Scrubbing logs for bad IPs

Periodically, log files should be scrubbed for bad bots and malicious IPs. Let’s do that.

This will work with any log file in which you have one IP address per line.

The first thing we want to do is pull out all the IP addresses in our log file. Let’s go ahead and do that for lawsonry’s log file right now:

grep -E -o '(25[0-5]|2[0-4][0-9]|[01]?[0-9][0-9]?)\.(25[0-5]|2[0-4][0-9]|[01]?[0-9][0-9]?)\.(25[0-5]|2[0-4][0-9]|[01]?[0-9][0-9]?)\.(25[0-5]|2[0-4][0-9]|[01]?[0-9][0-9]?)' lawsonry.dashingwp.com.access.log >> ipslist.txt

Unfortunately, if you `cat ipslist.txt` you’ll see a bunch of duplicate entries. To get rid of them, let’s sort the file:

`sort -u ipslist.txt >> ipslist`

Now remove our old file with `rm -rf ipslist.txt` because we don’t need it anymore.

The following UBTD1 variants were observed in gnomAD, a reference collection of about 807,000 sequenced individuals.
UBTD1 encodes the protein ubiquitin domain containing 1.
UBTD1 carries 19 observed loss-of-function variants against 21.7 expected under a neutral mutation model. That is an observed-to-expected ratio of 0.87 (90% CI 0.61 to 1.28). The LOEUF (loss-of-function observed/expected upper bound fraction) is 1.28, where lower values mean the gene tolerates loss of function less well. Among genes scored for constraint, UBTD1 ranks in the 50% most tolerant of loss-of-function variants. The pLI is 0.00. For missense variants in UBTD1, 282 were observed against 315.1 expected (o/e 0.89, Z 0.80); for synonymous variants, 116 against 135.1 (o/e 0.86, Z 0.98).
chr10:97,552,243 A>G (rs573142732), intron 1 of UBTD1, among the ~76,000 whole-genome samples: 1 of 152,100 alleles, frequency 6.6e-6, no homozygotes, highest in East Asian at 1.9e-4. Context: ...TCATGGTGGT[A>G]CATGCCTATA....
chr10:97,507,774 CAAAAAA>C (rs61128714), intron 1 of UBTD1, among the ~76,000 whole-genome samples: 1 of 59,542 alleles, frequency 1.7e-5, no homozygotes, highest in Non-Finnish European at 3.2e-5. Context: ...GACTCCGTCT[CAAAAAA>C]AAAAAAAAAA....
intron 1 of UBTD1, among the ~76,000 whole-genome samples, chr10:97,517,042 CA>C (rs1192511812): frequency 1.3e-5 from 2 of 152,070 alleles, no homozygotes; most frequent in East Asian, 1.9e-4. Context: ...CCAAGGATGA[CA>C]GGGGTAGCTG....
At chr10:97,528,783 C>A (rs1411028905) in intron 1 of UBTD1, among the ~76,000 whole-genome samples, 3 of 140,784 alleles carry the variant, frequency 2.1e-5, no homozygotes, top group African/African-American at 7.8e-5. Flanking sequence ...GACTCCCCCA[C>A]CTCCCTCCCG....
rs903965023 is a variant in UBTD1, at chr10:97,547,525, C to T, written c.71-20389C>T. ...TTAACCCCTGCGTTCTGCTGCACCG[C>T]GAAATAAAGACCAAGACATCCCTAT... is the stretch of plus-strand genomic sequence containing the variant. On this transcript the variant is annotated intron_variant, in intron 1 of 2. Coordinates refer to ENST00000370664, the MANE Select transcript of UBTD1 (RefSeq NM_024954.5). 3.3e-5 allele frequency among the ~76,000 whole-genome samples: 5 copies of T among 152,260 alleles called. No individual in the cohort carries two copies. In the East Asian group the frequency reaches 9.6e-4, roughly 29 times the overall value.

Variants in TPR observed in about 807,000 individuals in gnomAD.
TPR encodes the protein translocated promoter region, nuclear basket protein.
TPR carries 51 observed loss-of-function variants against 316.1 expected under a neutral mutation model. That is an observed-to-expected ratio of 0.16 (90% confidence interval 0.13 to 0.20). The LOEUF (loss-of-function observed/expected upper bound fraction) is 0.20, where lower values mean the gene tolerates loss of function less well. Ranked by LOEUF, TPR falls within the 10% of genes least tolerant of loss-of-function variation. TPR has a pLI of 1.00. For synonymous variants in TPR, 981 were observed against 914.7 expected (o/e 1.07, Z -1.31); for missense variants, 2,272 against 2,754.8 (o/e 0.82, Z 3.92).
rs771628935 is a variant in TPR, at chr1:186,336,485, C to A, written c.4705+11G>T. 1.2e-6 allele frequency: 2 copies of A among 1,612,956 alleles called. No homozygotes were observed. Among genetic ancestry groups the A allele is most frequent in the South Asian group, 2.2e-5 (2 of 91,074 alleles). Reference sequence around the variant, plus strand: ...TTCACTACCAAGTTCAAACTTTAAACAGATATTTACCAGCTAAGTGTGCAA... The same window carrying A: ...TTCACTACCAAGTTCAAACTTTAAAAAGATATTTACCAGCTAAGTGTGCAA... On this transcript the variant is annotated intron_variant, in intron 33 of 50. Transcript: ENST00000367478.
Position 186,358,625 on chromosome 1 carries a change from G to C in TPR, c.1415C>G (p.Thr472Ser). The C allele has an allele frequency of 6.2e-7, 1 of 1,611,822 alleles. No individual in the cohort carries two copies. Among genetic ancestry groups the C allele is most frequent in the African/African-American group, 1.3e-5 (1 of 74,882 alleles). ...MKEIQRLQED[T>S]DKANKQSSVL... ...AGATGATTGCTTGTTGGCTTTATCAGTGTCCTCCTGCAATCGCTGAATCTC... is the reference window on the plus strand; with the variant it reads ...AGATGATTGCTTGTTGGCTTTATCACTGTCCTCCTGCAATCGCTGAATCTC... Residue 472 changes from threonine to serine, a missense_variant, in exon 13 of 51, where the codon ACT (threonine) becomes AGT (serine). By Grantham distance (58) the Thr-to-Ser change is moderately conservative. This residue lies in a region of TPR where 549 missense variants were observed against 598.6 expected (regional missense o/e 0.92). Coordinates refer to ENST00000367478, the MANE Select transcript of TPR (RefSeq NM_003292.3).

Go ahead and `cat ipslist` to see the list of unique IPs.

With this, you can use the methods described at the end of step 5 of this tutorial, in which we’ll create a custom php script to scrub through the IPs and automatically print us out some `deny from` entries formatted for Nginx.

Alternatively, you could go straight to iptables (which is what I do) and just block them at the server level:

BLOCK_THIS_IP="x.x.x.x"
iptables -A INPUT -s "$BLOCK_THIS_IP" -j DROP

 

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I develop, assess, and implement strategic research solutions for the social sciences by engineering management information systems, designing data mining solutions, and analyzing intelligence through the employment and integration of JavaScript, PHP, MySQL, R, and C/C++ across Nginx, Apache, NodeJS, and many other tools across the stack.

One Comment

  1. pprinfotech1@gmail.com'
    PPR Infotech
    1/10/2014
    Reply

    Nice work.

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